You've missed the point. One of the reasons I came back to RSP is that there are posters here who have shown me that I was completely wrong about things and who by doing so have changed my perspective. But have a nice day anyway.
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DCAnderson wrote:


Hippies on the other hand were not just anti-establishment, but anti-traditional society as well.


It boggles the mind how you arrived at this conclusion. The counter-culture movement was (in that era) not anti "tradition".... it was pro independence and outraged at Big Government... you know... The Man. Much of the rhetoric may have appeared on the surface to be leftist or anti-conservative, but only if filtered through the erroneous idea that people who don't like government control over them are automatically Democrats. They hated democrats, they hated government control, they were anti liberal.... not anti conservative.

Look, if anyone is really interested in how the upheavals of the 60's affect modern political thinking you need to do some outside reading. I recommend establishing a list of prominent figures from the era and then seeking out their own writings in order to get a clear picture of what was really happening and how it evolved into a modern day movement of people may age (and the generation behind mine) who are increasingly aligning with something like Tea Party "values".
 
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That two axis chart is horseshit, because the author's criteria for placing people on it makes very little sense.

The most egregious example is the social conservatives. Those are, in no way, shape or form, on the less side of 'government control'. They are less collectivist than the islamist, but not by much. I could make similar arguments about other groups, but I'm sure anyone with a semblance of rationality can make the argument themselves.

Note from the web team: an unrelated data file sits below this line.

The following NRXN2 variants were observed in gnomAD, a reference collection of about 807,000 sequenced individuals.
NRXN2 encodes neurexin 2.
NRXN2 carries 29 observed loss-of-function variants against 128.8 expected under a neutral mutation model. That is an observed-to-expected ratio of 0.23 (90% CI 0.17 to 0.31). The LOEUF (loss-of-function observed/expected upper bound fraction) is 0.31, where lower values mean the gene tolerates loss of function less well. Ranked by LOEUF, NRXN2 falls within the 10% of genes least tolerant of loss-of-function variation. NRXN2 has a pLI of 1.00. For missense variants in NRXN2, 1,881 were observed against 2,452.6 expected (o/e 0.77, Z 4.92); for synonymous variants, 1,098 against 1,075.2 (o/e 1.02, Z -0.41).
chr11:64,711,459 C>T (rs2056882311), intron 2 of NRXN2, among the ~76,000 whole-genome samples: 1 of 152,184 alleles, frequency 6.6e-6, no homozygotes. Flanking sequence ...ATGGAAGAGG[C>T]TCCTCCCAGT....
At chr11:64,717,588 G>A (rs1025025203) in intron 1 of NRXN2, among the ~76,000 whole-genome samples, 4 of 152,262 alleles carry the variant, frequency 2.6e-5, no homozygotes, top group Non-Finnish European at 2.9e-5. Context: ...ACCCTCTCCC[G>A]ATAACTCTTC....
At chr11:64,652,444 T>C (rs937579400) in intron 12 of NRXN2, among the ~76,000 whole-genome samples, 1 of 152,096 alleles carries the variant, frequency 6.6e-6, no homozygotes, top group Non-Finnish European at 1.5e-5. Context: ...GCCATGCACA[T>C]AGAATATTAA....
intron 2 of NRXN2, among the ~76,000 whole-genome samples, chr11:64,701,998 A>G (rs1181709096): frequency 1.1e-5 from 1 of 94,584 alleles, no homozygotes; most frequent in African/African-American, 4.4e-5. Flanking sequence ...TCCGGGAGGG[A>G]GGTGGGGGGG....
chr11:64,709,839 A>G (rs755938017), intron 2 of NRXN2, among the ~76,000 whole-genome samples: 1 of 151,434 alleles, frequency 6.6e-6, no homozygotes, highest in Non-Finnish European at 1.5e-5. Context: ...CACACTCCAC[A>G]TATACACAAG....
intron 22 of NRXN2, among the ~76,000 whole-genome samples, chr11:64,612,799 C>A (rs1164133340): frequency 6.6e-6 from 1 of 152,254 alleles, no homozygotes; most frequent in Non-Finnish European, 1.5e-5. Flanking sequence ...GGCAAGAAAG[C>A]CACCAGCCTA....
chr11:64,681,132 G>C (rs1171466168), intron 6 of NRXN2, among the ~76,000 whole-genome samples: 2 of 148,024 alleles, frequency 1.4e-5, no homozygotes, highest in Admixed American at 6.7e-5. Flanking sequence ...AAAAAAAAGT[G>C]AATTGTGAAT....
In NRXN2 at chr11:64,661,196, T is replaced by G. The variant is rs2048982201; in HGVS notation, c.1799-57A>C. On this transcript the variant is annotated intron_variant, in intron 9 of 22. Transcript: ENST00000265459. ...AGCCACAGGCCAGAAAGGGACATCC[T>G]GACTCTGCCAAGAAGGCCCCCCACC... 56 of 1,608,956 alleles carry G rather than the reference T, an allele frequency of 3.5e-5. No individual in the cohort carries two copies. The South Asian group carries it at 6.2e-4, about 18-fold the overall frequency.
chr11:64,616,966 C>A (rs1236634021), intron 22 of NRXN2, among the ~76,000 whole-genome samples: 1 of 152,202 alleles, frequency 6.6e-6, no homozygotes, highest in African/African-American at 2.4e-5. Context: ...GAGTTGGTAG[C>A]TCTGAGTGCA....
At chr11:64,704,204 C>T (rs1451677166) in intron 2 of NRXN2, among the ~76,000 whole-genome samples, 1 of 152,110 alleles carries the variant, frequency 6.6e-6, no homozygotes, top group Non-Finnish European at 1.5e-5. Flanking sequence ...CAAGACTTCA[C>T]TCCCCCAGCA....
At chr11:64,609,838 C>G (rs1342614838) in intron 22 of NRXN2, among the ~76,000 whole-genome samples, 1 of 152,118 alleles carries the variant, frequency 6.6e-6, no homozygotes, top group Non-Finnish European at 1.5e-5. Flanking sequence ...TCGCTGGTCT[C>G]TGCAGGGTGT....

Another beautiful piece of misinformation is to put Obama and FDR in the same box. They are quite far away from each other.

And finally, there's the groups that are missing: Not having half of the left represented in there at all helps the chart author to make this chart have a real main axis, which is diagonal, and only reflects the truth in the loosest of senses.

In a political studies class, the maker of this chart would get an F, but I guess he'll complain about how that would be caused by how the evil socialists have infiltrated academia and are destroying the one true american way of life.
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DWTripp wrote:
DCAnderson wrote:


Hippies on the other hand were not just anti-establishment, but anti-traditional society as well.


It boggles the mind how you arrived at this conclusion. The counter-culture movement was (in that era) not anti "tradition".... it was pro independence and outraged at Big Government... you know... The Man. Much of the rhetoric may have appeared on the surface to be leftist or anti-conservative, but only if filtered through the erroneous idea that people who don't like government control over them are automatically Democrats. They hated democrats, they hated government control, they were anti liberal.... not anti conservative.



Sure the hippies were against "the man" but it was because of the war and damage to the earth "the man" was responsible for. Of course they hated Democrats (and Republicans) because they supported the war the establishment supported the war and it still does. What ever label you want to place on whatever part of this dog and pony show makes no difference even now much less 40 years ago.

The Hippies I knew were already slamming on big oil back in the 70s. And they most certainly didn't want their kids to be sent to some shithole on the other side of the world to make sure big oil could still get paid.